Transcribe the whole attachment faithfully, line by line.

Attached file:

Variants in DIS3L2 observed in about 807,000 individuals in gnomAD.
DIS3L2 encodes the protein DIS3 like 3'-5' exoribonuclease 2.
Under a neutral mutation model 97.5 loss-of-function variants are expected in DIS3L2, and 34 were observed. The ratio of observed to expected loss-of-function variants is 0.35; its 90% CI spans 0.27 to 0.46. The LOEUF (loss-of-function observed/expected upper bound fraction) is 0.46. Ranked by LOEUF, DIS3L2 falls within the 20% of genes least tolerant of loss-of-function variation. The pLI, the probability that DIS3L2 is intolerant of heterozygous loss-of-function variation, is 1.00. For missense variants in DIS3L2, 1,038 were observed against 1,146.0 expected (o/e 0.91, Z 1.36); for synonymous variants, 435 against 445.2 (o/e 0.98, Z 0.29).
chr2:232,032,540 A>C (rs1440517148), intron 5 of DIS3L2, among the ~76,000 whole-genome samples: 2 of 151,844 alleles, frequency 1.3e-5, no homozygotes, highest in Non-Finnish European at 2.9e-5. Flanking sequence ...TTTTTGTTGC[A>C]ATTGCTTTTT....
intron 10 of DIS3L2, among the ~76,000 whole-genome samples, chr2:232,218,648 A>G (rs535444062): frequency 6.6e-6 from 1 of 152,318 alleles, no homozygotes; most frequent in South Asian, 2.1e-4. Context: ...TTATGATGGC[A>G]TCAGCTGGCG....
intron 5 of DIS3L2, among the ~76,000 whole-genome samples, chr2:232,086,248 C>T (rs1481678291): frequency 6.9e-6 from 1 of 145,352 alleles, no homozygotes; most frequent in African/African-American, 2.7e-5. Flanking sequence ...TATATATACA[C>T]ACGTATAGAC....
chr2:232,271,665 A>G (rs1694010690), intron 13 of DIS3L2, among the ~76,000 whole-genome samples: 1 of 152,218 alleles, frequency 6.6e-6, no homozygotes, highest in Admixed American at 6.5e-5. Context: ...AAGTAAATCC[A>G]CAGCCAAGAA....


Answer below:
Variants in DIS3L2 observed in about 807,000 individuals in gnomAD.
DIS3L2 encodes the protein DIS3 like 3'-5' exoribonuclease 2.
Under a neutral mutation model 97.5 loss-of-function variants are expected in DIS3L2, and 34 were observed. The ratio of observed to expected loss-of-function variants is 0.35; its 90% CI spans 0.27 to 0.46. The LOEUF (loss-of-function observed/expected upper bound fraction) is 0.46. Ranked by LOEUF, DIS3L2 falls within the 20% of genes least tolerant of loss-of-function variation. The pLI, the probability that DIS3L2 is intolerant of heterozygous loss-of-function variation, is 1.00. For missense variants in DIS3L2, 1,038 were observed against 1,146.0 expected (o/e 0.91, Z 1.36); for synonymous variants, 435 against 445.2 (o/e 0.98, Z 0.29).
chr2:232,032,540 A>C (rs1440517148), intron 5 of DIS3L2, among the ~76,000 whole-genome samples: 2 of 151,844 alleles, frequency 1.3e-5, no homozygotes, highest in Non-Finnish European at 2.9e-5. Flanking sequence ...TTTTTGTTGC[A>C]ATTGCTTTTT....
intron 10 of DIS3L2, among the ~76,000 whole-genome samples, chr2:232,218,648 A>G (rs535444062): frequency 6.6e-6 from 1 of 152,318 alleles, no homozygotes; most frequent in South Asian, 2.1e-4. Context: ...TTATGATGGC[A>G]TCAGCTGGCG....
intron 5 of DIS3L2, among the ~76,000 whole-genome samples, chr2:232,086,248 C>T (rs1481678291): frequency 6.9e-6 from 1 of 145,352 alleles, no homozygotes; most frequent in African/African-American, 2.7e-5. Flanking sequence ...TATATATACA[C>T]ACGTATAGAC....
chr2:232,271,665 A>G (rs1694010690), intron 13 of DIS3L2, among the ~76,000 whole-genome samples: 1 of 152,218 alleles, frequency 6.6e-6, no homozygotes, highest in Admixed American at 6.5e-5. Context: ...AAGTAAATCC[A>G]CAGCCAAGAA....